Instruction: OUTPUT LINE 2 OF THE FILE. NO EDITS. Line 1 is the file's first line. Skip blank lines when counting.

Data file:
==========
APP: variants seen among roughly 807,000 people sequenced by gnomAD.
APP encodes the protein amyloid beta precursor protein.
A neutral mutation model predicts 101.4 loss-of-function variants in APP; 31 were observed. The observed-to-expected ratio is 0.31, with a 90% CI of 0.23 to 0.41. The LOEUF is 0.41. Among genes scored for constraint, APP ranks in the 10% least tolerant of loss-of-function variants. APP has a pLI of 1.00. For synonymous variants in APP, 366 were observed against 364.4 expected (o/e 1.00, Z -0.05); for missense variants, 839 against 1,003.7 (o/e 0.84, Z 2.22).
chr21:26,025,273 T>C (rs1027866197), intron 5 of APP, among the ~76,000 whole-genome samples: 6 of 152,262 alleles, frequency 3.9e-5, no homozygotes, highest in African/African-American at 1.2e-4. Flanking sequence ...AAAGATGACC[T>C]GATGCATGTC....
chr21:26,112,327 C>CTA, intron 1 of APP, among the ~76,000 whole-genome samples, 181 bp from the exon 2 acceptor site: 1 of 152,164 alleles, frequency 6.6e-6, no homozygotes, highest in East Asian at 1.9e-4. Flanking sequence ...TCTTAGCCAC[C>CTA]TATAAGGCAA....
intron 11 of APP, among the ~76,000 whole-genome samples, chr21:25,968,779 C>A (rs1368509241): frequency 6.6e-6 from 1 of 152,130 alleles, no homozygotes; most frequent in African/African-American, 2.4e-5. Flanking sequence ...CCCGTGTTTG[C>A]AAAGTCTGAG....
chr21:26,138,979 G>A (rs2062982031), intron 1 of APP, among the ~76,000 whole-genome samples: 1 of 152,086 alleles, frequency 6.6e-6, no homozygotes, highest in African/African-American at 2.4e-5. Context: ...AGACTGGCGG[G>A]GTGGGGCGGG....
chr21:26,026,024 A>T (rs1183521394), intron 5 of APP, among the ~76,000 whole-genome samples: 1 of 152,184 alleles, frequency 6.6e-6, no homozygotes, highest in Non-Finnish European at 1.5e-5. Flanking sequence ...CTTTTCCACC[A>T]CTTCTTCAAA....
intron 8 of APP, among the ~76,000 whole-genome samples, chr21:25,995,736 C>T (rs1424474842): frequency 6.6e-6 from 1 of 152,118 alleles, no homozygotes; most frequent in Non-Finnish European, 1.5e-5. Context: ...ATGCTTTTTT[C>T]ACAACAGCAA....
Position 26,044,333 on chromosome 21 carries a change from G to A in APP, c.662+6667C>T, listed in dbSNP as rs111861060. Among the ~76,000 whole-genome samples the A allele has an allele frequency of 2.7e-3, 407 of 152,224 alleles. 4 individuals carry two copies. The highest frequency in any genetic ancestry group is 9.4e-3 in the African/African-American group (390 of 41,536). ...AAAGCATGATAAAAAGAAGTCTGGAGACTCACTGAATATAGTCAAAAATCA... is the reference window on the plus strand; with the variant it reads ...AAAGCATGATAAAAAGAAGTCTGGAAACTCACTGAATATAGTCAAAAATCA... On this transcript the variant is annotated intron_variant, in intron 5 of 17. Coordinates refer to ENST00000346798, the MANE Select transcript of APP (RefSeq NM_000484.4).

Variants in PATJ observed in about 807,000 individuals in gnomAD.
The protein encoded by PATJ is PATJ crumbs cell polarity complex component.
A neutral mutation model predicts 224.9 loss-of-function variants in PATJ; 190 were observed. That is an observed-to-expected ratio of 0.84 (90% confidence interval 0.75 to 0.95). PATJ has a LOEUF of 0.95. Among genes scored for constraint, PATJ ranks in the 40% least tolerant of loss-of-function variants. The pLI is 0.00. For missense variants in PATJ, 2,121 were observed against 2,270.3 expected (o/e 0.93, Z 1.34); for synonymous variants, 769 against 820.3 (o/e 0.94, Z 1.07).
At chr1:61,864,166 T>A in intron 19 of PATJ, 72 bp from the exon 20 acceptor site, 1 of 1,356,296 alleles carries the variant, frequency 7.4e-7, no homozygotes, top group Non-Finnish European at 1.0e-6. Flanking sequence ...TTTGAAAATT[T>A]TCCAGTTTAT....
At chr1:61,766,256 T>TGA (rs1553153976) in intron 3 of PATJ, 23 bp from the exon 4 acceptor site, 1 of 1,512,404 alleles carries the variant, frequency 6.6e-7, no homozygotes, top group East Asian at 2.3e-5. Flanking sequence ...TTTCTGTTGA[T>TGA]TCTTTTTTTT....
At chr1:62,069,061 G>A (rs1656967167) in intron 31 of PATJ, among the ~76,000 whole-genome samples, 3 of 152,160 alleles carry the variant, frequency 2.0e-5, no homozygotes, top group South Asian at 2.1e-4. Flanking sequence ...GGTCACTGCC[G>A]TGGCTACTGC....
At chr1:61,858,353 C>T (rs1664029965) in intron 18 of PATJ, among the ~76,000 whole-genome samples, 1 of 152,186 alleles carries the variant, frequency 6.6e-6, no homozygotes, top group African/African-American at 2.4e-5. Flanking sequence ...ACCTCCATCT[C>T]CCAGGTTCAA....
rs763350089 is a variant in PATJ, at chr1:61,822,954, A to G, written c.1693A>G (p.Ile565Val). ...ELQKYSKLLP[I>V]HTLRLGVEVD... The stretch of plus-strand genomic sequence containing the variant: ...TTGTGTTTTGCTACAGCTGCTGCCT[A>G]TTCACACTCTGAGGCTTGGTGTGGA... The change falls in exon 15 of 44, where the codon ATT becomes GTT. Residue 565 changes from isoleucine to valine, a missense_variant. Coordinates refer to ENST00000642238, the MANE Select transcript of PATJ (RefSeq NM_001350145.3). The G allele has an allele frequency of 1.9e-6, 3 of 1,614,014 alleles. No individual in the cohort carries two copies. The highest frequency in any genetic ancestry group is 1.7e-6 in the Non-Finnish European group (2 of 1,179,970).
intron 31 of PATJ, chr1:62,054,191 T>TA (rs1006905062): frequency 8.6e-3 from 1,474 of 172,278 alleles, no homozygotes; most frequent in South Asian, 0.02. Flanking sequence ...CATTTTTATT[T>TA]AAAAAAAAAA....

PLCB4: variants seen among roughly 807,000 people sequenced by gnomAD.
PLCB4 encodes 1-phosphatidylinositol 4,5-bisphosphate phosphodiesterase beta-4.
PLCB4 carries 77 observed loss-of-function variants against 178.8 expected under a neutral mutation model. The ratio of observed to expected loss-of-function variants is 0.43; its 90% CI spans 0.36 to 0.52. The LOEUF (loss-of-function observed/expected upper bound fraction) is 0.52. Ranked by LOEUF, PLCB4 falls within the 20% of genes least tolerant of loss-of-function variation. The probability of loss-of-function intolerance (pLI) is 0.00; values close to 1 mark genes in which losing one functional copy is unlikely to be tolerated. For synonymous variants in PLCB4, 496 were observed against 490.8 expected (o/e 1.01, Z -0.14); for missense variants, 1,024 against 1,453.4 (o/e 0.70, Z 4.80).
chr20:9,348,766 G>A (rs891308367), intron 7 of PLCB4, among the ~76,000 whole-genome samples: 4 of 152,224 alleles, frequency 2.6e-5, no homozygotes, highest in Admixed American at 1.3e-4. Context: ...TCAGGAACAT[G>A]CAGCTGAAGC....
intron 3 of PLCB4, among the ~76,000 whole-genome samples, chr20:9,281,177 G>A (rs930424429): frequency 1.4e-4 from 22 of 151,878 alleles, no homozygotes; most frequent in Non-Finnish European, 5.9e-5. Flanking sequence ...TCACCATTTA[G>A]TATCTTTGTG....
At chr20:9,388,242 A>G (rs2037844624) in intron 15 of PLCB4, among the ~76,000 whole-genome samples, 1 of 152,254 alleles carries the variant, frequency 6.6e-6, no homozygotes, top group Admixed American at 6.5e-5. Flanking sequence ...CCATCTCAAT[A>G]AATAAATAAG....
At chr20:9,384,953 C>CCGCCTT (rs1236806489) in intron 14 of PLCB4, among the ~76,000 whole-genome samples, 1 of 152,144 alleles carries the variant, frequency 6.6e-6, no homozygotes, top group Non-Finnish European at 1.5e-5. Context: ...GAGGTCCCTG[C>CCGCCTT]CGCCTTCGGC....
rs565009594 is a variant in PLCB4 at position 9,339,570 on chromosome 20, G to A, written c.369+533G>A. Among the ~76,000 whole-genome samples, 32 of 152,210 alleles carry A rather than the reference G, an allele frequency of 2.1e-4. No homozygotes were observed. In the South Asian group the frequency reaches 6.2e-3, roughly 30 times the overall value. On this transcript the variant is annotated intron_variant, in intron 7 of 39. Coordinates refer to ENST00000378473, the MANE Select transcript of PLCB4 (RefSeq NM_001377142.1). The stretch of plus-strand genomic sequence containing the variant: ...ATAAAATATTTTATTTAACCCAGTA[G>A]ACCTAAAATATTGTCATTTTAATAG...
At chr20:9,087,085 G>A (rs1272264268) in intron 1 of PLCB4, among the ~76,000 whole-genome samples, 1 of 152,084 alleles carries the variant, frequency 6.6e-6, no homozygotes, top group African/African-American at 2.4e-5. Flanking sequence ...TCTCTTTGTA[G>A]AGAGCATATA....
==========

APP encodes the protein amyloid beta precursor protein.